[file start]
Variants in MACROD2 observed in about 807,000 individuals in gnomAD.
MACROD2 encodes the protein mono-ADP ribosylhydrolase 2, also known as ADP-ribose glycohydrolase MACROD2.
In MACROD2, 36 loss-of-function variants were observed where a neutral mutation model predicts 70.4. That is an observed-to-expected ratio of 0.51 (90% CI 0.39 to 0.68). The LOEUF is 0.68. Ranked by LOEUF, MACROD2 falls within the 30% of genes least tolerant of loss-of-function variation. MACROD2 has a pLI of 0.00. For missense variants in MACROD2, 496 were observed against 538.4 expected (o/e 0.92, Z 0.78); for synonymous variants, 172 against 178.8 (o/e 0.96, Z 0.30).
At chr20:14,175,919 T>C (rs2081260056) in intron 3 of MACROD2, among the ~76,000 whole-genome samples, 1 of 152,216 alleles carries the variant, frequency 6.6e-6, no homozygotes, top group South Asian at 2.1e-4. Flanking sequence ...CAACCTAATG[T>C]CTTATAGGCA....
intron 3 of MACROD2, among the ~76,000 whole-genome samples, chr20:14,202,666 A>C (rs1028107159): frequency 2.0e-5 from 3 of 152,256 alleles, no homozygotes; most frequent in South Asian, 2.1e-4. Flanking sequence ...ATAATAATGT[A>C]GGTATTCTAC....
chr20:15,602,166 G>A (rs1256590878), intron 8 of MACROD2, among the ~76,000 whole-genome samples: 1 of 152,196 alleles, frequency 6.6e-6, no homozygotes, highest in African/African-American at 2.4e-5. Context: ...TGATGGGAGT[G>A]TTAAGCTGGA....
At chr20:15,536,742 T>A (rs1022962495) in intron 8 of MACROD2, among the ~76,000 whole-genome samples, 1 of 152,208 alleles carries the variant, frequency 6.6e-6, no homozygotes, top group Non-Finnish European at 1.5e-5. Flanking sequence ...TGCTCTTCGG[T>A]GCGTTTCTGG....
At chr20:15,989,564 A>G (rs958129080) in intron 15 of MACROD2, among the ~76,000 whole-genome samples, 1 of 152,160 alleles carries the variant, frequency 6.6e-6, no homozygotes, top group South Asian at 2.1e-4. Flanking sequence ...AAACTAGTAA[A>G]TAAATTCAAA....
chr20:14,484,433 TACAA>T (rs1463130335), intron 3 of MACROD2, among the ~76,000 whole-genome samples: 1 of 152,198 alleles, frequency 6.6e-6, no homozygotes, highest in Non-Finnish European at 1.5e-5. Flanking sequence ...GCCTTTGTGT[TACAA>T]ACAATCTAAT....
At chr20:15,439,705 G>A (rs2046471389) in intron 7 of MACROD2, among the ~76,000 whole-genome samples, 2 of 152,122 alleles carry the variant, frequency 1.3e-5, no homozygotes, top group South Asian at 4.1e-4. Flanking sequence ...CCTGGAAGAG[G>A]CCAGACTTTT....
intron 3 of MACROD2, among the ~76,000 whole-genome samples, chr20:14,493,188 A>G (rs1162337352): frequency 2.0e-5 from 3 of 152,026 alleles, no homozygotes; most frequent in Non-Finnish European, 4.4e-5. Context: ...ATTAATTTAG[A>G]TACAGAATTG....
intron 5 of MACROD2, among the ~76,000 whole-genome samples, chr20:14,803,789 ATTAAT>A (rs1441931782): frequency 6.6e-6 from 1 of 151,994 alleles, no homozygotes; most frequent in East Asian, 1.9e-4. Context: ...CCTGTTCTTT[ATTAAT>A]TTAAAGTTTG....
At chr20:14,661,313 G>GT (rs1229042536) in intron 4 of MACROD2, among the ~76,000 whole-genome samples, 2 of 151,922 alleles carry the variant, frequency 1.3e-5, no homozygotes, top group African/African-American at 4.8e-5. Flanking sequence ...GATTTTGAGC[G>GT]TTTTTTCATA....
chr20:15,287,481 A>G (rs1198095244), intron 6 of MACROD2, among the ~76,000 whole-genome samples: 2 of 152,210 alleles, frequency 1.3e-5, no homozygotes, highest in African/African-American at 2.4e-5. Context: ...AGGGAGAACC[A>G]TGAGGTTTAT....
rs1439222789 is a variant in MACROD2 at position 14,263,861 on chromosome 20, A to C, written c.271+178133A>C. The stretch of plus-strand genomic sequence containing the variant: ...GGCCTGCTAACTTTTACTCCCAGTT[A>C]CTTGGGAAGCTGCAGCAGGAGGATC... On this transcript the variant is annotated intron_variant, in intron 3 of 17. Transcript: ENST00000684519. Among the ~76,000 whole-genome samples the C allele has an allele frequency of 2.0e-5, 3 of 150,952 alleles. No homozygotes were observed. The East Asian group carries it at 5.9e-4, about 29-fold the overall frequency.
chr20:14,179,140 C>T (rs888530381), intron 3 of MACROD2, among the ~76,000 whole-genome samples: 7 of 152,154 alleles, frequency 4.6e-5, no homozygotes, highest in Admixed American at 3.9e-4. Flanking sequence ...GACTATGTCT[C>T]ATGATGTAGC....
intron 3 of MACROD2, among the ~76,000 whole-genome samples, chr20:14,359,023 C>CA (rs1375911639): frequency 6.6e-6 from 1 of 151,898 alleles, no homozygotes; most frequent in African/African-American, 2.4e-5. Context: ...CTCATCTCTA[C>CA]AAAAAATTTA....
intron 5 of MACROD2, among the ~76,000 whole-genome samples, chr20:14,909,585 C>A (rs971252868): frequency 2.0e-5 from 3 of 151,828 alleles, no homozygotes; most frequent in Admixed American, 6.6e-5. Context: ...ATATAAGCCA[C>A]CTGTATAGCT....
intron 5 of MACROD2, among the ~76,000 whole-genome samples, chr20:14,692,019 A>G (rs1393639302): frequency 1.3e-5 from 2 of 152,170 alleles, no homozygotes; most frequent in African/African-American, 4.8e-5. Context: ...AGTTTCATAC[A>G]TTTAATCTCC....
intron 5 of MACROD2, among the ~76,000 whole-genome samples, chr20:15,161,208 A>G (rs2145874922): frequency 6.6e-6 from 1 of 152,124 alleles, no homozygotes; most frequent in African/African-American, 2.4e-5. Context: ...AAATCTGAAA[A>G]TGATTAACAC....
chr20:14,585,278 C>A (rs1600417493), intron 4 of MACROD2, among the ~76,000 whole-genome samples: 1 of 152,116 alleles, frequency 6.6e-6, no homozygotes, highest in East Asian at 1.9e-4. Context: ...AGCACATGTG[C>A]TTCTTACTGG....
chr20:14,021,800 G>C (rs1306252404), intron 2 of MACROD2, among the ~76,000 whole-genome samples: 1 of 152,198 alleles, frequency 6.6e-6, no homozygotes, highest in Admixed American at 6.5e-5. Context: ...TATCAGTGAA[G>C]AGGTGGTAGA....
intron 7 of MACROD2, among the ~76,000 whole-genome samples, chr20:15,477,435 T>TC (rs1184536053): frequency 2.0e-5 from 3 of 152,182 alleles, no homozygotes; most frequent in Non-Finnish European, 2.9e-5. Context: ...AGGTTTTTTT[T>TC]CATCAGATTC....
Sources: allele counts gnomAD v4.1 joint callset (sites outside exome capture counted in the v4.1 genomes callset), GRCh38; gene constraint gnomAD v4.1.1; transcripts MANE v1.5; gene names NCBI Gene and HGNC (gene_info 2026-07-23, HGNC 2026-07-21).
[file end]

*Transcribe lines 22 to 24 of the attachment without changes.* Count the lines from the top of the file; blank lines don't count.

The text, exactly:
chr20:14,021,800 G>C (rs1306252404), intron 2 of MACROD2, among the ~76,000 whole-genome samples: 1 of 152,198 alleles, frequency 6.6e-6, no homozygotes, highest in Admixed American at 6.5e-5. Context: ...TATCAGTGAA[G>C]AGGTGGTAGA....
intron 7 of MACROD2, among the ~76,000 whole-genome samples, chr20:15,477,435 T>TC (rs1184536053): frequency 2.0e-5 from 3 of 152,182 alleles, no homozygotes; most frequent in Non-Finnish European, 2.9e-5. Context: ...AGGTTTTTTT[T>TC]CATCAGATTC....
Sources: allele counts gnomAD v4.1 joint callset (sites outside exome capture counted in the v4.1 genomes callset), GRCh38; gene constraint gnomAD v4.1.1; transcripts MANE v1.5; gene names NCBI Gene and HGNC (gene_info 2026-07-23, HGNC 2026-07-21).